Cognitive Distortions 2
@hillarymcbride says in the video "there no consequences" outside of confronting your own shame in not meeting those "shoulds" and sometimes this is true. My problem is I combine the "should" distortion with the "fortune telling" distortion and extrapolate out all the potential negative consequences of not being a perfect mom, for example.
Cognitive Distortions 3
This is further reinforced my my tendency to "overgeneralize." (I not only identify with all these distortions, I combine them.) I am actually frequently right about my predictions. But I have trouble not turning that into thinking I'm always right about them. And I make enough of them that it would be hard to NEVER be right.
Cognitive Distortions 4
I *am* unnecessarily hard on myself. I *do* feel guilty about shou;lds that no one ever told me to do. But I am *also* super frustrated by the ACTUAL imperfections of the world, my family, myself, and I really want to fix everything, to make it better. No one can tell me that the world is perfect or that I have no onus to help make the world that I want and have me believe it. How do I cultivate perspective while honestly seeing the imperfection?
Cognitive Distortions 5
One concrete example is "I shouldn't yell at my kids when I am frustrated or angry" "Why not?" "Because it makes them feel crappy, and then they take it out on each other (and on me) and it creates disharmony in our home" And I know from experience that shit "always" rolls downhill. But I also know that feeling crappy about yelling at them doesn't help me not yell at them...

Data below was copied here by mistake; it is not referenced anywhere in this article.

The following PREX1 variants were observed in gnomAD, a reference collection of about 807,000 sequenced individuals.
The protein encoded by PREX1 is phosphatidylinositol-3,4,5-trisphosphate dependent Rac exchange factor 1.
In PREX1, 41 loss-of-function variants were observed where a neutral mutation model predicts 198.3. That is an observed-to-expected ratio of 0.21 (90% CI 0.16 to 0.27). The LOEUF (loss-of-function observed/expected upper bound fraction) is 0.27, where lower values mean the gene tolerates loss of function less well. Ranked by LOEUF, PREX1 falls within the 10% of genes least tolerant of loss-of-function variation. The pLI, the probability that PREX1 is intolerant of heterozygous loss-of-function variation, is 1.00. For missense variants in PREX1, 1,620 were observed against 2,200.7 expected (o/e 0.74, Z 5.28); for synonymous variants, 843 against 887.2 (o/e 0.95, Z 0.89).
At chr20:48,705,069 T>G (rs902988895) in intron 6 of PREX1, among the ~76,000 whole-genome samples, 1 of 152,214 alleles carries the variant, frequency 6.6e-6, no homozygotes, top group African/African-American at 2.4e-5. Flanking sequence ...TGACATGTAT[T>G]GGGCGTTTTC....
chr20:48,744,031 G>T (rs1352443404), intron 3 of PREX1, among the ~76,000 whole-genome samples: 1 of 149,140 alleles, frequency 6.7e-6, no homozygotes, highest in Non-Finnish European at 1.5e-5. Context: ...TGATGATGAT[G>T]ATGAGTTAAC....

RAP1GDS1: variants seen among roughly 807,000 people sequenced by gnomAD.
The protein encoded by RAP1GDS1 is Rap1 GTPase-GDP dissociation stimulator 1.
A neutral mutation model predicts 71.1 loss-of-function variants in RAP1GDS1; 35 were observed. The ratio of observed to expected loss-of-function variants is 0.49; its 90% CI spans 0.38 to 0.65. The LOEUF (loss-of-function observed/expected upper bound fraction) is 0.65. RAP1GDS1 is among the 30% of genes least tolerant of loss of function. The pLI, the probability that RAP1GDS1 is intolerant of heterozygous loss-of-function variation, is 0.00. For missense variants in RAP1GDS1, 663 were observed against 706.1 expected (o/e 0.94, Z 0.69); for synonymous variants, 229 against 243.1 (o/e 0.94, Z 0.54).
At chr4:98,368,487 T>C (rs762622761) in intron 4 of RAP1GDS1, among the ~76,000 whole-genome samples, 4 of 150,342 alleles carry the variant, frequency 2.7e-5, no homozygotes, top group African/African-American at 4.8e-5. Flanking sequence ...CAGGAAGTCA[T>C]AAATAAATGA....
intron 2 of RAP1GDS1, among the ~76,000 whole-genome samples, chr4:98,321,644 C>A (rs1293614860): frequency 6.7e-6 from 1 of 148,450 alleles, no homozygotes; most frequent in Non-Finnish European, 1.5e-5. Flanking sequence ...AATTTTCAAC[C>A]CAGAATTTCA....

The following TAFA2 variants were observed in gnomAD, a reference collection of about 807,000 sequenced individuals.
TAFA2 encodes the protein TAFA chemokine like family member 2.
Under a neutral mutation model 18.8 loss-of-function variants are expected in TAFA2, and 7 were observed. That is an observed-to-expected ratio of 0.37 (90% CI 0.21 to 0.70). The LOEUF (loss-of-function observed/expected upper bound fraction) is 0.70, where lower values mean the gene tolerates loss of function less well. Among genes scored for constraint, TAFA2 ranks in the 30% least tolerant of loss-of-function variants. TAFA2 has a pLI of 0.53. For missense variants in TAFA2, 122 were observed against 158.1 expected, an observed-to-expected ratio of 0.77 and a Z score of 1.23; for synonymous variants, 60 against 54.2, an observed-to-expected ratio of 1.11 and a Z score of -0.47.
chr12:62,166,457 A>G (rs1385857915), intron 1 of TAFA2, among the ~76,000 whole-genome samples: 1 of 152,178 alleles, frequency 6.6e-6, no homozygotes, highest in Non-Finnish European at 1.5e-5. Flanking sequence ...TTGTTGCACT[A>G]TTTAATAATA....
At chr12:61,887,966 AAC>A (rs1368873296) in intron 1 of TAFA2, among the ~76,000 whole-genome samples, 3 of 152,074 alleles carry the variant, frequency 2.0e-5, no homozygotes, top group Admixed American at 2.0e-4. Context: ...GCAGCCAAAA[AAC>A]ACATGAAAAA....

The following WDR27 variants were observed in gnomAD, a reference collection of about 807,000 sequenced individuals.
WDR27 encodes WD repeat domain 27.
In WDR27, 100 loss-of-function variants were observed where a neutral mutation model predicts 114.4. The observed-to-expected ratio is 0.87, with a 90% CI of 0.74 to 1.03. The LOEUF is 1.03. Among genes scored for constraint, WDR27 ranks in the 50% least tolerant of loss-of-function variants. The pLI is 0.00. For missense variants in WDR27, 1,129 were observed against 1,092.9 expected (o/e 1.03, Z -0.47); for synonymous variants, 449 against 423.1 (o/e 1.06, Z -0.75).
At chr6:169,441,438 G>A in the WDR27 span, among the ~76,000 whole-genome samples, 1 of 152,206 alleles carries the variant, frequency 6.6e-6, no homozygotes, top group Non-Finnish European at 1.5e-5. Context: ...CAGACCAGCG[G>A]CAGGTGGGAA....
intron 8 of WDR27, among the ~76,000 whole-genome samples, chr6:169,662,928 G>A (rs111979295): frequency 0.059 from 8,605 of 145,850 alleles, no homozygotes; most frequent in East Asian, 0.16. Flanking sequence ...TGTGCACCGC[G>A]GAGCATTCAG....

@brandice I resonate with a lot of this. I will say that all of the “should"ing I do to everyone else is the overflow of how much more I do it to myself. When I boil over and yell at others, I’m really just angry with myself. And what I’m angry at is that I haven’t found a way to be perfect yet, to meet these impossible standards. My expert predictions failed me and some kind of pain happened to me or a loved one because of it. I failed. I’m a failure.
@brandice The critical voices in my head are all too gleeful to point out my failures as if this is proof that I need to try even harder, before they find out what a fuckup I am. And this produces a constant level of anxiety and stress.
And so the first place to start is in being more gentle with yourself, extending grace to yourself. It sounds hokey and lame and it’s the hardest thing you will ever do. And it’s worth it.
Yes, yes, yes. All of this. The bully is inside my own brain and it overflows into me trying to control others so that they will make the world be how I want it to be. And when I have self-compassion, that compassion overflows into compassion to others. It.Is.SO.Hard! I keep believing that if I do everything right I will save myself and those around me from pain/hardship. And it's just not true.
@brandice Not true, but oh so tempting! A perverse way of feeling in control, even if it means you’re responsible for things that you aren’t.
The practice of non-judgementally coming back to my breath in mindfulness has been a great training ground for learning self-compassion amidst constant “failure.”
You got this.
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